I could be making this up, but I think that since my toenails were falling off, and I had an open wound – an open blister – some of the fluid from my ankles seemed to be draining through the pin hole in the blister. Since the toenail was only attached at the sides and loose in the middle, I could depress the toenail and create an oozy, smelly pile of bubbles – slightly reminiscent of spittle. At first I thought it was blister fluid, but it kept coming. It was more than just blister fluid.

Tiny bubbles make me warm all over...

Tiny bubbles make me warm all over…

I suppose it could have been the start of an infection, but after a couple days of red and itchy toes that didn’t seem like healing, I started some epsom salt soaks and it seemed to dry things up pretty quickly.

The Hormones

To say that I was cranky the first couple of days after would be an understatement. I’d wager to say I was unbearable. The thing is, when you run that far or that long, your body produces a ton of hormones; when you stop running, those hormones drop to below normal. They swing. Well when they swing below normal there is nothing but grumpiness. As any good binger will tell you, a little hair of the dog is the best thing to keep that withdrawal away. Unfortunately for me, there was no little taste to be had the next day.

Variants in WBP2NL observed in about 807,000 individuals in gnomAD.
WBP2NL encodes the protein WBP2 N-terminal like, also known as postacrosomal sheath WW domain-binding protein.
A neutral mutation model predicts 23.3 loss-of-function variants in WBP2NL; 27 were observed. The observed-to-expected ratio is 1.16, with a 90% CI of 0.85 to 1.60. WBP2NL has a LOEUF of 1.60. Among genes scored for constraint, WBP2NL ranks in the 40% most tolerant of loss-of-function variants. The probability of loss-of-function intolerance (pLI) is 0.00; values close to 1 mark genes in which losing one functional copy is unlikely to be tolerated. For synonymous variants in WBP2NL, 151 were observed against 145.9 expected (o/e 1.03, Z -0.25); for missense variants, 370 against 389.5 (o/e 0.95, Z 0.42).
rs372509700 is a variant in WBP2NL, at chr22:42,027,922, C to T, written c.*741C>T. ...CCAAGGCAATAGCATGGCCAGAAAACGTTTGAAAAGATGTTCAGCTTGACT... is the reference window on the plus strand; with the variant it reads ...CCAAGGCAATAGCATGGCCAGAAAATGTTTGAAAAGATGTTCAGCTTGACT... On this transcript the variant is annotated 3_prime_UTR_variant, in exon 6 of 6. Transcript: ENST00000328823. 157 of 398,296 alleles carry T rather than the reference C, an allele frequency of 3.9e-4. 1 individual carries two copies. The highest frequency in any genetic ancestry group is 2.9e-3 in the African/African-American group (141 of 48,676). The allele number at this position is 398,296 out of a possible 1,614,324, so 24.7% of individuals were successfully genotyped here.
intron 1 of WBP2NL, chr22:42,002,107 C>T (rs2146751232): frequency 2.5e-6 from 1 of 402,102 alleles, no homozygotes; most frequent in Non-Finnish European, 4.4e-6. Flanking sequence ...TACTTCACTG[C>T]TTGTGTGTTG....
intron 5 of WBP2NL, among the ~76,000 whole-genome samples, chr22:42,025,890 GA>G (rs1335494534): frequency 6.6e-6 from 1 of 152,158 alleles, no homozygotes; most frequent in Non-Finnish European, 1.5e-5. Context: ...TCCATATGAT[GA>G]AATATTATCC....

Running Again

I had been on a 2500 mile streak of 306 days at the end of Vermont, but sadly, that

Hows that for gaping?

Hows that for gaping?

streak came to an end the day after. I wanted to, and I even tried, but I could hardly muster a walk. I managed to get out the day after and do a mile around the block. It was slow, but it was all I could do. Each day things got progressively easier and my legs felt a little better after every run. It might be different for everyone, but it took a good two weeks before the legs were free of any soreness on an easy run. I think some of it has to do with over training, and maybe a bit of burnout, but my easy pace runs are still significantly slower. I haven’t tried anything with any pace but for a few strides or a 400 here or there, but I find it hard to believe I was ever doing 8×1600 with a minute rest as 5:48s.

Again?

After every long race, it’s what everyone says. It’s almost cliche. “I’ll never do that again. And then three days later I signed up for another.” And while I do like a good cliche now and again, I avoided the phrase. Instead, I said not for a while. Right now, I truly have little interest in doing another 100 mile run. I’d much rather a 12/24 hour event. I hope to do some longer runs again one day, but the kids need to be older.